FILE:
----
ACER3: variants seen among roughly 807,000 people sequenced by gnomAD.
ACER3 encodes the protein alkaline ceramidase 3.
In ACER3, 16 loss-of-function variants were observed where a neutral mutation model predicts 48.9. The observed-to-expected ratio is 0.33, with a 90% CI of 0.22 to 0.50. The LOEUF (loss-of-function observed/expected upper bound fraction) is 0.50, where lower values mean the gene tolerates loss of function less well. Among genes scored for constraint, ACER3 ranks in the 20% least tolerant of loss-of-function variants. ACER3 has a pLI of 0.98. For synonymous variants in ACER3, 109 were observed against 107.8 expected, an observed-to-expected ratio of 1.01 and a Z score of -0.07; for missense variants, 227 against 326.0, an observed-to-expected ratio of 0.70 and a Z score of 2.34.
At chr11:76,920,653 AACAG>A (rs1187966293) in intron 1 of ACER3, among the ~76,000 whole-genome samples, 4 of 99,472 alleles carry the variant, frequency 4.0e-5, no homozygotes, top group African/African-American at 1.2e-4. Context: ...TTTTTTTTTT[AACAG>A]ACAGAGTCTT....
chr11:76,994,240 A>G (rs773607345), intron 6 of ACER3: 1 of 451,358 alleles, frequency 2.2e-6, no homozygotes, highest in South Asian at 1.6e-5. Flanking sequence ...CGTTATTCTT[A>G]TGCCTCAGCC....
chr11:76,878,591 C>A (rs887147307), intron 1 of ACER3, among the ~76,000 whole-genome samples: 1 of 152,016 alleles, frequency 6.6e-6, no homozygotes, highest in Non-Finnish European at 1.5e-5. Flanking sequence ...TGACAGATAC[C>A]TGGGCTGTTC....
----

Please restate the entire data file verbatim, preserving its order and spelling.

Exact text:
ACER3: variants seen among roughly 807,000 people sequenced by gnomAD.
ACER3 encodes the protein alkaline ceramidase 3.
In ACER3, 16 loss-of-function variants were observed where a neutral mutation model predicts 48.9. The observed-to-expected ratio is 0.33, with a 90% CI of 0.22 to 0.50. The LOEUF (loss-of-function observed/expected upper bound fraction) is 0.50, where lower values mean the gene tolerates loss of function less well. Among genes scored for constraint, ACER3 ranks in the 20% least tolerant of loss-of-function variants. ACER3 has a pLI of 0.98. For synonymous variants in ACER3, 109 were observed against 107.8 expected, an observed-to-expected ratio of 1.01 and a Z score of -0.07; for missense variants, 227 against 326.0, an observed-to-expected ratio of 0.70 and a Z score of 2.34.
At chr11:76,920,653 AACAG>A (rs1187966293) in intron 1 of ACER3, among the ~76,000 whole-genome samples, 4 of 99,472 alleles carry the variant, frequency 4.0e-5, no homozygotes, top group African/African-American at 1.2e-4. Context: ...TTTTTTTTTT[AACAG>A]ACAGAGTCTT....
chr11:76,994,240 A>G (rs773607345), intron 6 of ACER3: 1 of 451,358 alleles, frequency 2.2e-6, no homozygotes, highest in South Asian at 1.6e-5. Flanking sequence ...CGTTATTCTT[A>G]TGCCTCAGCC....
chr11:76,878,591 C>A (rs887147307), intron 1 of ACER3, among the ~76,000 whole-genome samples: 1 of 152,016 alleles, frequency 6.6e-6, no homozygotes, highest in Non-Finnish European at 1.5e-5. Flanking sequence ...TGACAGATAC[C>A]TGGGCTGTTC....